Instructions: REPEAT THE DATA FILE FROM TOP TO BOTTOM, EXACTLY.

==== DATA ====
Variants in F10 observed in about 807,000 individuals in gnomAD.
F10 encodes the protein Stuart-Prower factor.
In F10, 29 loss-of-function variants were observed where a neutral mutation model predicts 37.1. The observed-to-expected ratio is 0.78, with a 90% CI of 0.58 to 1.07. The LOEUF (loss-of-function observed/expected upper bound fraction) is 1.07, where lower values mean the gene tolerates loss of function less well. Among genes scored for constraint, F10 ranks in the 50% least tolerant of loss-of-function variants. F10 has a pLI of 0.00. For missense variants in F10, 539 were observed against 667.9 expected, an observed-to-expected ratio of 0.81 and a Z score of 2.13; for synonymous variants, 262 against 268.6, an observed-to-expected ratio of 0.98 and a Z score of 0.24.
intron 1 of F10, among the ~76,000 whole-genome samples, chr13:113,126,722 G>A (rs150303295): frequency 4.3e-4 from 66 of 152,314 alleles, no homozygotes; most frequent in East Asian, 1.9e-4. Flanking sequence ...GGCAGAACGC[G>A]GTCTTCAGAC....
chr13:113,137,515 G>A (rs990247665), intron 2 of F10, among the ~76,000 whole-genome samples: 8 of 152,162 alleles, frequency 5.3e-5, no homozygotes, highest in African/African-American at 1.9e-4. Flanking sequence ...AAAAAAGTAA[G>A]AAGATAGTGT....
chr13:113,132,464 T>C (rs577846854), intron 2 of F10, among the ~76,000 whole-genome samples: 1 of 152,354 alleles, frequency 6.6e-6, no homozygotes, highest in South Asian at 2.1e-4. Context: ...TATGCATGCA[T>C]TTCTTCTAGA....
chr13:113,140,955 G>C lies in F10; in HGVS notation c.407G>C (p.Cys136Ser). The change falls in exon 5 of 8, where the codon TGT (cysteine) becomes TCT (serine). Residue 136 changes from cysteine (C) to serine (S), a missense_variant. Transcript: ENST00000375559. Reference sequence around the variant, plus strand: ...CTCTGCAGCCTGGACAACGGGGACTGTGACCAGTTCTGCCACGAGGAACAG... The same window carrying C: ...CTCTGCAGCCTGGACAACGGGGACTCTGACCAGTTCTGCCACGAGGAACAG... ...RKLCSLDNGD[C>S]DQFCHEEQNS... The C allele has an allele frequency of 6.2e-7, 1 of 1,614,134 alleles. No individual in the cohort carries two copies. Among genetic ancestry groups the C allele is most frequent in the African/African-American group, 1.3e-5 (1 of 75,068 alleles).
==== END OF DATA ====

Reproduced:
Variants in F10 observed in about 807,000 individuals in gnomAD.
F10 encodes the protein Stuart-Prower factor.
In F10, 29 loss-of-function variants were observed where a neutral mutation model predicts 37.1. The observed-to-expected ratio is 0.78, with a 90% CI of 0.58 to 1.07. The LOEUF (loss-of-function observed/expected upper bound fraction) is 1.07, where lower values mean the gene tolerates loss of function less well. Among genes scored for constraint, F10 ranks in the 50% least tolerant of loss-of-function variants. F10 has a pLI of 0.00. For missense variants in F10, 539 were observed against 667.9 expected, an observed-to-expected ratio of 0.81 and a Z score of 2.13; for synonymous variants, 262 against 268.6, an observed-to-expected ratio of 0.98 and a Z score of 0.24.
intron 1 of F10, among the ~76,000 whole-genome samples, chr13:113,126,722 G>A (rs150303295): frequency 4.3e-4 from 66 of 152,314 alleles, no homozygotes; most frequent in East Asian, 1.9e-4. Flanking sequence ...GGCAGAACGC[G>A]GTCTTCAGAC....
chr13:113,137,515 G>A (rs990247665), intron 2 of F10, among the ~76,000 whole-genome samples: 8 of 152,162 alleles, frequency 5.3e-5, no homozygotes, highest in African/African-American at 1.9e-4. Flanking sequence ...AAAAAAGTAA[G>A]AAGATAGTGT....
chr13:113,132,464 T>C (rs577846854), intron 2 of F10, among the ~76,000 whole-genome samples: 1 of 152,354 alleles, frequency 6.6e-6, no homozygotes, highest in South Asian at 2.1e-4. Context: ...TATGCATGCA[T>C]TTCTTCTAGA....
chr13:113,140,955 G>C lies in F10; in HGVS notation c.407G>C (p.Cys136Ser). The change falls in exon 5 of 8, where the codon TGT (cysteine) becomes TCT (serine). Residue 136 changes from cysteine (C) to serine (S), a missense_variant. Transcript: ENST00000375559. Reference sequence around the variant, plus strand: ...CTCTGCAGCCTGGACAACGGGGACTGTGACCAGTTCTGCCACGAGGAACAG... The same window carrying C: ...CTCTGCAGCCTGGACAACGGGGACTCTGACCAGTTCTGCCACGAGGAACAG... ...RKLCSLDNGD[C>S]DQFCHEEQNS... The C allele has an allele frequency of 6.2e-7, 1 of 1,614,134 alleles. No individual in the cohort carries two copies. Among genetic ancestry groups the C allele is most frequent in the African/African-American group, 1.3e-5 (1 of 75,068 alleles).